I am also saddened at the way in which many geographers seem so unwilling to defend what to me lies at the core of our discipline: an engagement with the ways in which humans interact with the physical world, and an understanding of how we thereby construct particular places.  By building their careers increasingly on a few tiny areas of intellectual enquiry, geographers have all too often moved away from what I still see as the essence of our discipline.  I have always been fascinated by new ideas – often at the interface of disciplines – and enjoy being able to engage across many different intellectual areas.  So, having worked for 30 years, I now find myself increasingly at odds with the views being advocated by many, but by no means all, of our disciplinary leaders.  Rather than continuing to swim against the tide, I am ‘retiring’ to enable me to do the research, teaching and practical work that I believe in.  There is so much still to be done.

Institutional leadership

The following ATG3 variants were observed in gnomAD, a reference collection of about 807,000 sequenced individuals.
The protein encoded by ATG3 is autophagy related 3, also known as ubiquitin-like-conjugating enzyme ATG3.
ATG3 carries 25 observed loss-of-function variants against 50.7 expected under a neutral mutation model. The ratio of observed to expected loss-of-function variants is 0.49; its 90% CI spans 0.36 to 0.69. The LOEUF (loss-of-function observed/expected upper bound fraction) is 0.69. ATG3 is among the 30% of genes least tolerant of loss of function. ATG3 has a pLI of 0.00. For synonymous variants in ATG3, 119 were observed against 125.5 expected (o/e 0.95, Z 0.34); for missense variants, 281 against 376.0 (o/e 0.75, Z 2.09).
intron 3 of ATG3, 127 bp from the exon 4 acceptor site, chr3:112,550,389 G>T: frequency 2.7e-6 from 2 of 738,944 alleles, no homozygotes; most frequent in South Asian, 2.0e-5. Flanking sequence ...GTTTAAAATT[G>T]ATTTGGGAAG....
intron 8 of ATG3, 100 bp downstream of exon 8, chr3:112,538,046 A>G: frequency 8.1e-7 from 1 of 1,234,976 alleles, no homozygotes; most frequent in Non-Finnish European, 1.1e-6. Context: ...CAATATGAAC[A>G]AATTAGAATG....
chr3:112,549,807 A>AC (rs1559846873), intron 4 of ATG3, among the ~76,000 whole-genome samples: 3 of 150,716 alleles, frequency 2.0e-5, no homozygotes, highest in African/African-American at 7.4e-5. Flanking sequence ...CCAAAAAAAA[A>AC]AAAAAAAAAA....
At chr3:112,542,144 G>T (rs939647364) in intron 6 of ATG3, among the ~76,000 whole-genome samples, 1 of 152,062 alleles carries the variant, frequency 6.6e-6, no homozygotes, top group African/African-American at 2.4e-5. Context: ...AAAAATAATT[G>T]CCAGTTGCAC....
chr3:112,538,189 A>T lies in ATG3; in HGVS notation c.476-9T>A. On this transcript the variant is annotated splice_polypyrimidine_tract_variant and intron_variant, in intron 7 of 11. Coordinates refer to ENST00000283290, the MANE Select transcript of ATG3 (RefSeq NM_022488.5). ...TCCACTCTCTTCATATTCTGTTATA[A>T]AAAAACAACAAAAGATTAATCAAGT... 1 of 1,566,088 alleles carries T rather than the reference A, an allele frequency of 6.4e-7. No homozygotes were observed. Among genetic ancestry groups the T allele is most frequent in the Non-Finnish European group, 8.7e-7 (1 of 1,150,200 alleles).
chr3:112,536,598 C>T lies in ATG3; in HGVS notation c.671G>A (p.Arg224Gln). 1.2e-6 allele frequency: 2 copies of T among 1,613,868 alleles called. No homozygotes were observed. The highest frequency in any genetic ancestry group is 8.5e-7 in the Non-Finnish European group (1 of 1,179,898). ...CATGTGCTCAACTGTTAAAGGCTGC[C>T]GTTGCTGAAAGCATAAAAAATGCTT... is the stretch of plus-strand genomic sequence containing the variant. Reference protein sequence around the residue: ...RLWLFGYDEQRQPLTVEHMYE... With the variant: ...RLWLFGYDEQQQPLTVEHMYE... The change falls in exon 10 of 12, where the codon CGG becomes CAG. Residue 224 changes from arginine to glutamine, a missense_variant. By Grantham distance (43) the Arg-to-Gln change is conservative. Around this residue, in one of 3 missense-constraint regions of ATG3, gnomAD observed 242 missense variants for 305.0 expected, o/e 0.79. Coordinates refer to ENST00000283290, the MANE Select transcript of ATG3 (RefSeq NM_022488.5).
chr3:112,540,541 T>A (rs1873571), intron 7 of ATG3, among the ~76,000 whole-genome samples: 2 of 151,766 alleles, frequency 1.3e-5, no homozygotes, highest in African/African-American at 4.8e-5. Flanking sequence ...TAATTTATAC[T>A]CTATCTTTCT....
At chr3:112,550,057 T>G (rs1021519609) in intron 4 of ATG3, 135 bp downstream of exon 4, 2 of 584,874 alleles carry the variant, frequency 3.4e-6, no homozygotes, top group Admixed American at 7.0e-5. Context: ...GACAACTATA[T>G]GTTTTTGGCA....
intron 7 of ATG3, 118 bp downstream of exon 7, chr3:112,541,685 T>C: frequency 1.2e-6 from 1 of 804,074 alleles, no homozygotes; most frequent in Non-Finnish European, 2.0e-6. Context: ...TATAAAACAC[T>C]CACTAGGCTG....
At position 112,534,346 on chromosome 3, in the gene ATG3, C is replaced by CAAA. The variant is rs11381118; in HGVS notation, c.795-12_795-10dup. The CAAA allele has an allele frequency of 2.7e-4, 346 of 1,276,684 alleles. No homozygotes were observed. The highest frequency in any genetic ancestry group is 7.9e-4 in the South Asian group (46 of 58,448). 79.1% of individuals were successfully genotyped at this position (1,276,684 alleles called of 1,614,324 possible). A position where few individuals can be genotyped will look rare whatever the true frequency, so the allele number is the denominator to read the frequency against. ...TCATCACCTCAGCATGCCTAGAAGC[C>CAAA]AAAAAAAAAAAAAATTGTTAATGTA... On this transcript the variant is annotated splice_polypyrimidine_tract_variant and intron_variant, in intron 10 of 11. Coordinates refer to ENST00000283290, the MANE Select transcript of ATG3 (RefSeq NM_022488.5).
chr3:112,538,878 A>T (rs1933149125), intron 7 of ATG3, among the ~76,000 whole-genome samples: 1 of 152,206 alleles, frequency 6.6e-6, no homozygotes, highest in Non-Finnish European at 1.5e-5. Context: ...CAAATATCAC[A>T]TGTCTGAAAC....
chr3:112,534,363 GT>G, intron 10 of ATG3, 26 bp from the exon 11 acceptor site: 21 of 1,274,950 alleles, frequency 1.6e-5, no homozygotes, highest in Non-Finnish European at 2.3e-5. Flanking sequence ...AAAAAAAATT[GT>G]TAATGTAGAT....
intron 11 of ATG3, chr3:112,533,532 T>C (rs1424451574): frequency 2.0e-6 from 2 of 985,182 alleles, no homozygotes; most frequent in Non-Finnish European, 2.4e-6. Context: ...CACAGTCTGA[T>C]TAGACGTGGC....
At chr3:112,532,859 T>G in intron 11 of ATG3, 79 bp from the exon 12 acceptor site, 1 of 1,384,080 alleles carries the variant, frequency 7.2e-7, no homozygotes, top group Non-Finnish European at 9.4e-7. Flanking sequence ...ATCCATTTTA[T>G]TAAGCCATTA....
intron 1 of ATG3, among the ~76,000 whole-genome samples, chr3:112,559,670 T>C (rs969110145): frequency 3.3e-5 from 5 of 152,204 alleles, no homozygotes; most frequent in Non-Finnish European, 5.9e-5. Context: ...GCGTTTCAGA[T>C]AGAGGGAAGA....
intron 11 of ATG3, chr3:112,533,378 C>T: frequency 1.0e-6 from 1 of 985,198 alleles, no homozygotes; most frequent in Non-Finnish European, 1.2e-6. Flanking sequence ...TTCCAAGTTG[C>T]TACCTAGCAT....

Finally, I decided to retire because I was disappointed in the specific institutional leadership in place at Royal Holloway at the time I took the decision.  University Vice Chancellors are a motley crew.  Some, but all too few, are outstanding.  I do not envy them the task – it is immense and complex – but Vice Chancellors and Principals have to show real leadership qualities, they must champion intellectual excellence above all else, they must be wise, they must be fair and transparent, and they must be collegial.  Quite simply, I was no longer convinced that I could achieve the things I wanted to do – especially for the ICT4D Centre – within the confines of the institution where I was.  I felt so much more valued by those outside the institution than I did within it!  At the time, I did not know that we were about to have a new and dynamic Principal, and I am certain that Holloway is on the way up again, having fallen dramatically in profile and achievement under the previous regime.